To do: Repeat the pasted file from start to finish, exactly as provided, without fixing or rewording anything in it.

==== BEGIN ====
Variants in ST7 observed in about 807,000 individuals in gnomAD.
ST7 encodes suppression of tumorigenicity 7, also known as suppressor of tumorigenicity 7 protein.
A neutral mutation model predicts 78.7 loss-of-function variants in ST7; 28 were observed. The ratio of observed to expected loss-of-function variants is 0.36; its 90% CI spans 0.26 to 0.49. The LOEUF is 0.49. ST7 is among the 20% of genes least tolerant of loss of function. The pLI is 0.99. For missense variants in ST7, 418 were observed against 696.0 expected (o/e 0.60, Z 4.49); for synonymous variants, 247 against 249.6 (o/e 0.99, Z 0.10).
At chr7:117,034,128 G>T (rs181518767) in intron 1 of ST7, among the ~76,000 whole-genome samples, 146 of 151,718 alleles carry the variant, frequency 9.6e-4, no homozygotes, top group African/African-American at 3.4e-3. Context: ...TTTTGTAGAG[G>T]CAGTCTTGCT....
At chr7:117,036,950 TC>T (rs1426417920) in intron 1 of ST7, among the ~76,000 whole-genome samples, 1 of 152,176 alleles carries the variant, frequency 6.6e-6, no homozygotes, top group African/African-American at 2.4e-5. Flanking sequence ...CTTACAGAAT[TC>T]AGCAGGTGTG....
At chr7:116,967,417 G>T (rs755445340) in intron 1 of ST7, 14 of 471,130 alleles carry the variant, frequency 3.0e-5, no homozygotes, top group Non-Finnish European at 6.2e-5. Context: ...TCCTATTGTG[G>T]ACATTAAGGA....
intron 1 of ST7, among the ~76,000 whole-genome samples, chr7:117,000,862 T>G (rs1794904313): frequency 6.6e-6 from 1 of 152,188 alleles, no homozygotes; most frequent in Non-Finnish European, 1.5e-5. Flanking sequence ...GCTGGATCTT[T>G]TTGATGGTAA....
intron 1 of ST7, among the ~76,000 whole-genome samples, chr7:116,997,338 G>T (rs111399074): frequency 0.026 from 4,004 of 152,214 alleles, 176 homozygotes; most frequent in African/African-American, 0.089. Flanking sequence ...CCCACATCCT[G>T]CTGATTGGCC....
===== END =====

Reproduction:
Variants in ST7 observed in about 807,000 individuals in gnomAD.
ST7 encodes suppression of tumorigenicity 7, also known as suppressor of tumorigenicity 7 protein.
A neutral mutation model predicts 78.7 loss-of-function variants in ST7; 28 were observed. The ratio of observed to expected loss-of-function variants is 0.36; its 90% CI spans 0.26 to 0.49. The LOEUF is 0.49. ST7 is among the 20% of genes least tolerant of loss of function. The pLI is 0.99. For missense variants in ST7, 418 were observed against 696.0 expected (o/e 0.60, Z 4.49); for synonymous variants, 247 against 249.6 (o/e 0.99, Z 0.10).
At chr7:117,034,128 G>T (rs181518767) in intron 1 of ST7, among the ~76,000 whole-genome samples, 146 of 151,718 alleles carry the variant, frequency 9.6e-4, no homozygotes, top group African/African-American at 3.4e-3. Context: ...TTTTGTAGAG[G>T]CAGTCTTGCT....
At chr7:117,036,950 TC>T (rs1426417920) in intron 1 of ST7, among the ~76,000 whole-genome samples, 1 of 152,176 alleles carries the variant, frequency 6.6e-6, no homozygotes, top group African/African-American at 2.4e-5. Flanking sequence ...CTTACAGAAT[TC>T]AGCAGGTGTG....
At chr7:116,967,417 G>T (rs755445340) in intron 1 of ST7, 14 of 471,130 alleles carry the variant, frequency 3.0e-5, no homozygotes, top group Non-Finnish European at 6.2e-5. Context: ...TCCTATTGTG[G>T]ACATTAAGGA....
intron 1 of ST7, among the ~76,000 whole-genome samples, chr7:117,000,862 T>G (rs1794904313): frequency 6.6e-6 from 1 of 152,188 alleles, no homozygotes; most frequent in Non-Finnish European, 1.5e-5. Flanking sequence ...GCTGGATCTT[T>G]TTGATGGTAA....
intron 1 of ST7, among the ~76,000 whole-genome samples, chr7:116,997,338 G>T (rs111399074): frequency 0.026 from 4,004 of 152,214 alleles, 176 homozygotes; most frequent in African/African-American, 0.089. Flanking sequence ...CCCACATCCT[G>T]CTGATTGGCC....